InicioLibraryConventionsTransfer Responses to 1 club (5552)

Transfer Responses to 1 club (5552)

Source: Bridge Buff

We like this system. The basic framework is Two Over One with Weak Notrumps (12-14), standard five card 1/ openings, five card 1 opening (virtually), 1 opener with as few as two, transfer responses to 1, and some specialty responses to the 1 and 1 openers. This treatment has some elements of Transfer Walsh.

    Posible responses:
1 clubs, or 2+ clubs balanced 15-19 including 3=3=5=2
1 4+ hearts
1 4+ spades
1 no 4-card major, usually long diamonds
1NT GF club support (or possibly artificial GF 12+ HCP)
2 GF diamonds
2 1 weak major 6+, like multi, no game opposite 15-17 balanced
2 9+, short hearts, not 4 spades, maybe 3=1=4=5, looking for 3NT opposite 15-17 balanced
2 9+, short spades, as above
2NT limit 5+ club raise
3 natural preemptive 6+ clubs
1 clubs, or 2+ clubs balanced 15-19
1 4+ hearts
1 3 hearts, unbalanced, maybe 1=3=4=5
1 <3 hearts, natural, unbalanced, maybe 4=1=4=4
1NT <4 hearts, balanced, maybe 4 spades, 15-17
2 4 hearts, 15-17 balanced or good unbalanced
1 unbalanced, 5+ unless 4=4=4=1
1 < 12, 4+ hearts
1 < 12, 4+ spades
1NT < 12, natural
2 art 12+ GF

We open 1 with any unbalanced hand with club length, and with any balanced hand with 15-19 HCP, even with longer diamonds. With a balanced 12-14 we open 1NT. This means we open 1 with pattern 3=3=5=2 and 16 points, for example.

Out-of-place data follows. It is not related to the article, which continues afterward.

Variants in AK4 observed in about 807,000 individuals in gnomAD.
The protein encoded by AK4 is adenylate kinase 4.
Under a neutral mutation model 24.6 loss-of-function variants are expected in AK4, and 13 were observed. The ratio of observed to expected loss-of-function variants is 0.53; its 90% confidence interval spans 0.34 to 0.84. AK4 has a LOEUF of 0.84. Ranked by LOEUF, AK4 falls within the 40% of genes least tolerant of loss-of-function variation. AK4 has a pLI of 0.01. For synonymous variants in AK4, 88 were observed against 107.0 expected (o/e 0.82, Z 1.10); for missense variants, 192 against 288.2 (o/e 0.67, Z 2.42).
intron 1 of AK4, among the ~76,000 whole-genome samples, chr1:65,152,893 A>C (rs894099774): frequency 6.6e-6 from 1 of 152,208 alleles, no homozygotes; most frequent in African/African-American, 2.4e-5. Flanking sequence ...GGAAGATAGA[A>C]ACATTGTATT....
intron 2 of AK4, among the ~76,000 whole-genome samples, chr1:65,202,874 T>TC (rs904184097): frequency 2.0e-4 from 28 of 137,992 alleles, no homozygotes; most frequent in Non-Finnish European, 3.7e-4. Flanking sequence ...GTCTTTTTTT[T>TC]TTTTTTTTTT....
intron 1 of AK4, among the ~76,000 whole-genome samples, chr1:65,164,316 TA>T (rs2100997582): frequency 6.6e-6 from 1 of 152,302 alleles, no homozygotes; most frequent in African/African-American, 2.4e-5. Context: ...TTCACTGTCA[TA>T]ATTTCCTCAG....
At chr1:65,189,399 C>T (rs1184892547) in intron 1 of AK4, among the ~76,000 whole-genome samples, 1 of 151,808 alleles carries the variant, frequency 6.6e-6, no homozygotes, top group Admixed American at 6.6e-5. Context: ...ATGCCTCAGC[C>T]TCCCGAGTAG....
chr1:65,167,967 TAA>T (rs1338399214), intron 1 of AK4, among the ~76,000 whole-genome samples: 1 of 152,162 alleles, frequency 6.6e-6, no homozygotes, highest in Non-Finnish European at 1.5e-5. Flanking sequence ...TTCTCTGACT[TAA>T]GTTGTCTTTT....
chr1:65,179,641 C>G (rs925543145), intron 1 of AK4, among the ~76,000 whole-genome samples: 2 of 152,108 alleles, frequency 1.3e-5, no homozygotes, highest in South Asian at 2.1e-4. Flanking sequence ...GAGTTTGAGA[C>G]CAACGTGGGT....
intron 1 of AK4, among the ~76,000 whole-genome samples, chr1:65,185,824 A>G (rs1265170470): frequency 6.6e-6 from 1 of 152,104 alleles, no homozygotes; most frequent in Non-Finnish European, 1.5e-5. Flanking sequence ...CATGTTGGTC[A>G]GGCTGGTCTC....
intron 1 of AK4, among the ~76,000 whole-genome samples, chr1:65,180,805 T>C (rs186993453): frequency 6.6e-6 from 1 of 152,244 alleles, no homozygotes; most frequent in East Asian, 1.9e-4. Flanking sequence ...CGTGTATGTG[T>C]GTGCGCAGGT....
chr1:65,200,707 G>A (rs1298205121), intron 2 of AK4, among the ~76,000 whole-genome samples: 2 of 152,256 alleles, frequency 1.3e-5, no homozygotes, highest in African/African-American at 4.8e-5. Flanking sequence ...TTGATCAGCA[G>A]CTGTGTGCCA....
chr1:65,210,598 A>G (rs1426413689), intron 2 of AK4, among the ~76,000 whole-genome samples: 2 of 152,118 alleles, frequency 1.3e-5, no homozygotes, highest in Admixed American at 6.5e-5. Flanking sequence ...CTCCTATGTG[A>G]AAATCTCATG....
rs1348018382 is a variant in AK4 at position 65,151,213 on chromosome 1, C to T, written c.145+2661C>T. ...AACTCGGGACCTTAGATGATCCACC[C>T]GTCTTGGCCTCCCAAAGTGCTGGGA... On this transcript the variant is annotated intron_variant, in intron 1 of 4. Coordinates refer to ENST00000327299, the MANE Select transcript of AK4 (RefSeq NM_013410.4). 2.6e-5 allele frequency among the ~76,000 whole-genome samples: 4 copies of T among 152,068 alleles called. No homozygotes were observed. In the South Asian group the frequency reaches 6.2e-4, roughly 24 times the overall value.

Since we open all 12-19 HCP balanced hands 1 or 1NT, our 1 openers are unbalanced. We tend to treat most 5422 hands as balanced. Most 1 openers will be the like of 5431 or three-suited patterns. There are a small number of three-suited hands we must open 1 (4=4=4=1, say), but we assume opener has five diamonds. The system could guarantee opener holds five diamonds by using some kind of mini-roman three-suited 2 or 2 opener, but we don’t like mini-roman. You might.

There are a number of advantages to using transfer responses to 1. Since 1 includes balanced 15-19 hands (we rebid 1NT with 15-17, and 2NT with 18-19), we transfer our major suit fits and our notrump contracts to the stronger hand. Jacoby Transfers and Stayman accomplish this with the standard 15-17 opening 1NT, but many 12-14 and 18-19 hands are not rightsided using standard methods.

We can also distinguish between two kinds of simple ‘raises’, using the sequences  1 – 1 | 1 and 1 – 1 | 2. What should they mean? Maybe the 1 ‘raise’ could show three hearts unbalanced (with three hearts and balanced, opener would rebid 1NT, maybe opener is 1=3=4=5), and 2 shows four. That makes sense. Or the 1 bid could show an unbalanced minimum raise with four hearts, maybe 4=4=1=4, and the 2bid shows the 15-17 balanced hand with four hearts. That makes sense too. I think I like the three-card fit 1 bid.

The 1 – 1 bid is a transfer to 1NT, and having no four card major is heavy in minors, usually with diamonds, since responder didn’t raise clubs. This transfer is a godsend. With natural methods the 1NT response to minors can be very awkward, especially for weak notrumpers. If the range for 1NT is in the good 5 to bad 10 range, or even 11 as it sometimes is with two over one players, then opener with a balanced 15 to 17 must invite with 2NT which will be too high opposite minimum responses. The 1 transfer permits opener to rightside with 1NT, and responder can pass if minimum for his bid.

1 – 1NT is game-forcing with clubs, and 1 – 2 is game-forcing with diamonds. You can play around with meanings for higher responses 1 – 2 and higher. I kind of like 1 – 2 to also be a transfer to hearts, showing a decent 6+ suit and not enough to make game opposite a strong-notrump 1 opener, maybe the likes of xx/QJTxxx/xx/xxx, similar to a weak jump overcall. Ditto 2 is a transfer to spades. 2 might be some kind of limit club raise.